The agency has launched the contest in an apparent recognition that existing cable technologies will not be fit for the strongest Scottish tidal waters.
It comes as several ventures are gearing up to build pre-commercial arrays of tidal turbines for the first time over the next couple of years, with a view to building commercial tidal farms from 2017 on.
MeyGen, owned by Singapore-based turbine manufacturer Atlantis Resources, aims to build a six-turbine 9MW array off Caithness. ScottishPower and Norwegian manufacturer Hammerfest Strom are preparing to build a 10-turbine 10MW array between Islay and Jura.
SE envisages its cabling competition will take place over two stages, with around six companies vying to produce proposals over six months for developing "low-cost safe and effective methods of locating, securing and protecting cables" in tidal waters.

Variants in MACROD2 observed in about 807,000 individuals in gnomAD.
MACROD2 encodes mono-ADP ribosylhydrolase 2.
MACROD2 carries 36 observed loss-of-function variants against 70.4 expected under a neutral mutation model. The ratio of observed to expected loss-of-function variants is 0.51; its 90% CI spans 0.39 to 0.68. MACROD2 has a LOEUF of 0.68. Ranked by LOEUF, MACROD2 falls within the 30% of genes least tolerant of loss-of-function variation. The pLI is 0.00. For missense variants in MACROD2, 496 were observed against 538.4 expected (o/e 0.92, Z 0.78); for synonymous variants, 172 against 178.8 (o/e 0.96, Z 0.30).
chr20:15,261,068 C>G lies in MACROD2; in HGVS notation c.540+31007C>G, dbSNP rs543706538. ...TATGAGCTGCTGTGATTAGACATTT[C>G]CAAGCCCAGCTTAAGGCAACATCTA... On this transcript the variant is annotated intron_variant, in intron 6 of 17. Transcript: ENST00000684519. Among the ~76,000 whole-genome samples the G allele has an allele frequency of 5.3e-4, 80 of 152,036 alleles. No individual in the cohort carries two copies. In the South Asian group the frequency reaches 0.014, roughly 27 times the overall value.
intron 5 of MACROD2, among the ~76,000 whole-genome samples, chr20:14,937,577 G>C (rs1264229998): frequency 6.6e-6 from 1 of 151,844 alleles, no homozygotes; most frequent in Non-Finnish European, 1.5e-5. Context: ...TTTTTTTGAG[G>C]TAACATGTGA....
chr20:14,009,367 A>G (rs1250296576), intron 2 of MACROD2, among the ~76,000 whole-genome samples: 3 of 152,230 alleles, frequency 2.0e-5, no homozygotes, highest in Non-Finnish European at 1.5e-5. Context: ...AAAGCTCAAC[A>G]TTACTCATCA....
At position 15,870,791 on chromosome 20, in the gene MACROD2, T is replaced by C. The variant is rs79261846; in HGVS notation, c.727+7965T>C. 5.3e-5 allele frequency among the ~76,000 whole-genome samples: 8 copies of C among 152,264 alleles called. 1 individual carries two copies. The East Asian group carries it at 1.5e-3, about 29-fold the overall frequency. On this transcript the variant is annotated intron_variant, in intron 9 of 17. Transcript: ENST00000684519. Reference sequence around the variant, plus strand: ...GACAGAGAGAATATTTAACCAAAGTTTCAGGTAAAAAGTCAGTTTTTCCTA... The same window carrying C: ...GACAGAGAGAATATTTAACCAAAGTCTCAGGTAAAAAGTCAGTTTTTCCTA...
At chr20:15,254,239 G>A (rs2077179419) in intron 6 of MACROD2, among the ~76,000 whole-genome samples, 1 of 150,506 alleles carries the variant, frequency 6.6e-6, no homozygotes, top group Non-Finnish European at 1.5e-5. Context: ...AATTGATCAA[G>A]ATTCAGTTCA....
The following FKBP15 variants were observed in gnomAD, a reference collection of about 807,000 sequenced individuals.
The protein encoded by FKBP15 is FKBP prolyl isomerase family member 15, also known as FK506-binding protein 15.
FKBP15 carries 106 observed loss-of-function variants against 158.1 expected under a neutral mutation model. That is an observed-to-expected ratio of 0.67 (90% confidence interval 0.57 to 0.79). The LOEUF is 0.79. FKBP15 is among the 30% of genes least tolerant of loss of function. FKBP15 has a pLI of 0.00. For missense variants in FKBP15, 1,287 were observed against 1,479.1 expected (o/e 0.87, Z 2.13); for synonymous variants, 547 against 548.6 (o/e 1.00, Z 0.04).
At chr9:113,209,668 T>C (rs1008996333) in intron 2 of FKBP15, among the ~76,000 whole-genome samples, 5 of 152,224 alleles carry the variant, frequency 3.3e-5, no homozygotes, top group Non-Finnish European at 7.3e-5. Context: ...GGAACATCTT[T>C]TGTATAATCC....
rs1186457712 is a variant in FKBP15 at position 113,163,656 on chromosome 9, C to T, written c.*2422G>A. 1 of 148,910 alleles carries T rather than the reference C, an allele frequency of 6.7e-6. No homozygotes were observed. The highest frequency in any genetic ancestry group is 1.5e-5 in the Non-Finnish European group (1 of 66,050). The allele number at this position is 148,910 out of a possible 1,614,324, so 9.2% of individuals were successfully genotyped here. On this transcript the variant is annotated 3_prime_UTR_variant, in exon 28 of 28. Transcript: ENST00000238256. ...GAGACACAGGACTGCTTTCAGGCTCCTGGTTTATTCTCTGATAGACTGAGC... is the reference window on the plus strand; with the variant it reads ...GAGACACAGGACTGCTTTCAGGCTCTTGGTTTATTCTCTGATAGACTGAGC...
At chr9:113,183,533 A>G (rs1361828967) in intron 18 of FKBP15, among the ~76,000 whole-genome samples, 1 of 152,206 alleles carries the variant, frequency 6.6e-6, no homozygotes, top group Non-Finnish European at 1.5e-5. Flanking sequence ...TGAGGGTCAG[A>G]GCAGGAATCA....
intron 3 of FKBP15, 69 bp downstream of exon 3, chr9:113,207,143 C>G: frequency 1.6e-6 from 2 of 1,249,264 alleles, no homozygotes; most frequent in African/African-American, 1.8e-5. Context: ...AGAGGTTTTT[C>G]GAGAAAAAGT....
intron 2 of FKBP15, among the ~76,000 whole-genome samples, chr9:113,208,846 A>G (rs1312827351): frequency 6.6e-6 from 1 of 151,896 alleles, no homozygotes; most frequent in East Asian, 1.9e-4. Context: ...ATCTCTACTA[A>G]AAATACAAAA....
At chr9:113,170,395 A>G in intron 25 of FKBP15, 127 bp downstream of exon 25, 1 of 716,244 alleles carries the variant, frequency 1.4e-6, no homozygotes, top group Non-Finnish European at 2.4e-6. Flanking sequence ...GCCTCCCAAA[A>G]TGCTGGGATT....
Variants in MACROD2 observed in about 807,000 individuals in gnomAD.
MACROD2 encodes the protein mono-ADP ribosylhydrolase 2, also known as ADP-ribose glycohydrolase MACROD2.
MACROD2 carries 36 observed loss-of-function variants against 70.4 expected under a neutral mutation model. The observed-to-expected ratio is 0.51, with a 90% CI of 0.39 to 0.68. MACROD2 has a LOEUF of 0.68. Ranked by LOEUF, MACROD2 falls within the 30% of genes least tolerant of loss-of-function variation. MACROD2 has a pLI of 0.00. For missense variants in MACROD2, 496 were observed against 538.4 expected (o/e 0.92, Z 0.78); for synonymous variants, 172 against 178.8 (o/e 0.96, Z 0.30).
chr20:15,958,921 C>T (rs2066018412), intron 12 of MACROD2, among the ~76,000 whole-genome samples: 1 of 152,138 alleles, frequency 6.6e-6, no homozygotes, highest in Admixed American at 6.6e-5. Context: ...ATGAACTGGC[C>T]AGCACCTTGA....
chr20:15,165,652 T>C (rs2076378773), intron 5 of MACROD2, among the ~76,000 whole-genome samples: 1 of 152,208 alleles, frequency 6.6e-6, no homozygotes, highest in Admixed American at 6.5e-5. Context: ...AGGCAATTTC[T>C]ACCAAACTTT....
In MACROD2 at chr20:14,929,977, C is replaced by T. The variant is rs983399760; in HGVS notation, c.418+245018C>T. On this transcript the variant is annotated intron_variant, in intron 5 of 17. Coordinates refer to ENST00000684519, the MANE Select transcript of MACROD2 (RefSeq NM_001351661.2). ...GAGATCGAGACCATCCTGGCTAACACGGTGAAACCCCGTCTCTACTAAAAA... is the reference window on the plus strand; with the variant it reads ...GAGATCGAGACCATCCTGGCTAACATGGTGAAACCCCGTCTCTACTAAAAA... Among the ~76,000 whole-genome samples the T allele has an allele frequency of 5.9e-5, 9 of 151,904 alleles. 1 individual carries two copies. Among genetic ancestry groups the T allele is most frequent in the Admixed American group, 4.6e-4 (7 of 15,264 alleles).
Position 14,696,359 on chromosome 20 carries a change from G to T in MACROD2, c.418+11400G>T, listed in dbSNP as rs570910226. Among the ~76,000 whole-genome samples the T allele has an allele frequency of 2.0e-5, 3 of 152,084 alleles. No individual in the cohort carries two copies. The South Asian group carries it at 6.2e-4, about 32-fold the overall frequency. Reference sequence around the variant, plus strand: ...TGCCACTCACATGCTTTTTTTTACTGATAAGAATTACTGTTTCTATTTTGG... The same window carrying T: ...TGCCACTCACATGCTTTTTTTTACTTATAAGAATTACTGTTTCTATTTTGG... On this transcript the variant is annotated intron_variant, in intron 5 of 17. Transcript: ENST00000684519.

The three best entries will have nine months to build demonstrations at a site to be announced. The agency aims to have at least one viable technology in place by the middle of next year.
The tender document said: "There are a number of significant technical challenges that will need to be tackled to enable the effective deployment and operation of arrays and SE, through this initiative, aims to address one particular key requirement as identified by industry.
"The cabling of tidal arrays presents a challenge as the seabed at tidal energy sites is often severely scoured and burying cables is not an option. Not only is this a key requirement for the deployment and operation of the initial demonstration tidal arrays around Scotland but also the reduction of marine energy project costs over the longer term, hence enabling the commercialisation of the industry."
SE was unable to comment in time for publication.